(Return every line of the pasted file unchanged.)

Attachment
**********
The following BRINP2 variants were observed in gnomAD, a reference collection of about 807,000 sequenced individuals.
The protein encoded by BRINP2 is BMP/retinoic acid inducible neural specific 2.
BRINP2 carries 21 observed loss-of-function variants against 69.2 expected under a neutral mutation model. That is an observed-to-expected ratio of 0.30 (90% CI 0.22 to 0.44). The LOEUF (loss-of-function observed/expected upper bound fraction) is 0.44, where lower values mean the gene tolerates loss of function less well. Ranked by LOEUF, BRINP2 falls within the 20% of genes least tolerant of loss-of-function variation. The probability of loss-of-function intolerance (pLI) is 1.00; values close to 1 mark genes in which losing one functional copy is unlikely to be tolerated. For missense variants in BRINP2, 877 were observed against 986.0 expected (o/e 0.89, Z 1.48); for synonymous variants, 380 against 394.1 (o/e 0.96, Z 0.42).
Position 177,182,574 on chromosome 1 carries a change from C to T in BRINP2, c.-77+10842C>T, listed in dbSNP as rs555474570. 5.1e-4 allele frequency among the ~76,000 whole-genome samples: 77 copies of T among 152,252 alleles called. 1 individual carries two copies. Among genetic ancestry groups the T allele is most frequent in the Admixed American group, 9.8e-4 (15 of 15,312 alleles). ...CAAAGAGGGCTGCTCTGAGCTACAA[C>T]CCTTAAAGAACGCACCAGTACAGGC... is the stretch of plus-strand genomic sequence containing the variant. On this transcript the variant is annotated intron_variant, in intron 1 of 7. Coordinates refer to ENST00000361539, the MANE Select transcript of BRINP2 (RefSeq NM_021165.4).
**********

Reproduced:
The following BRINP2 variants were observed in gnomAD, a reference collection of about 807,000 sequenced individuals.
The protein encoded by BRINP2 is BMP/retinoic acid inducible neural specific 2.
BRINP2 carries 21 observed loss-of-function variants against 69.2 expected under a neutral mutation model. That is an observed-to-expected ratio of 0.30 (90% CI 0.22 to 0.44). The LOEUF (loss-of-function observed/expected upper bound fraction) is 0.44, where lower values mean the gene tolerates loss of function less well. Ranked by LOEUF, BRINP2 falls within the 20% of genes least tolerant of loss-of-function variation. The probability of loss-of-function intolerance (pLI) is 1.00; values close to 1 mark genes in which losing one functional copy is unlikely to be tolerated. For missense variants in BRINP2, 877 were observed against 986.0 expected (o/e 0.89, Z 1.48); for synonymous variants, 380 against 394.1 (o/e 0.96, Z 0.42).
Position 177,182,574 on chromosome 1 carries a change from C to T in BRINP2, c.-77+10842C>T, listed in dbSNP as rs555474570. 5.1e-4 allele frequency among the ~76,000 whole-genome samples: 77 copies of T among 152,252 alleles called. 1 individual carries two copies. Among genetic ancestry groups the T allele is most frequent in the Admixed American group, 9.8e-4 (15 of 15,312 alleles). ...CAAAGAGGGCTGCTCTGAGCTACAA[C>T]CCTTAAAGAACGCACCAGTACAGGC... is the stretch of plus-strand genomic sequence containing the variant. On this transcript the variant is annotated intron_variant, in intron 1 of 7. Coordinates refer to ENST00000361539, the MANE Select transcript of BRINP2 (RefSeq NM_021165.4).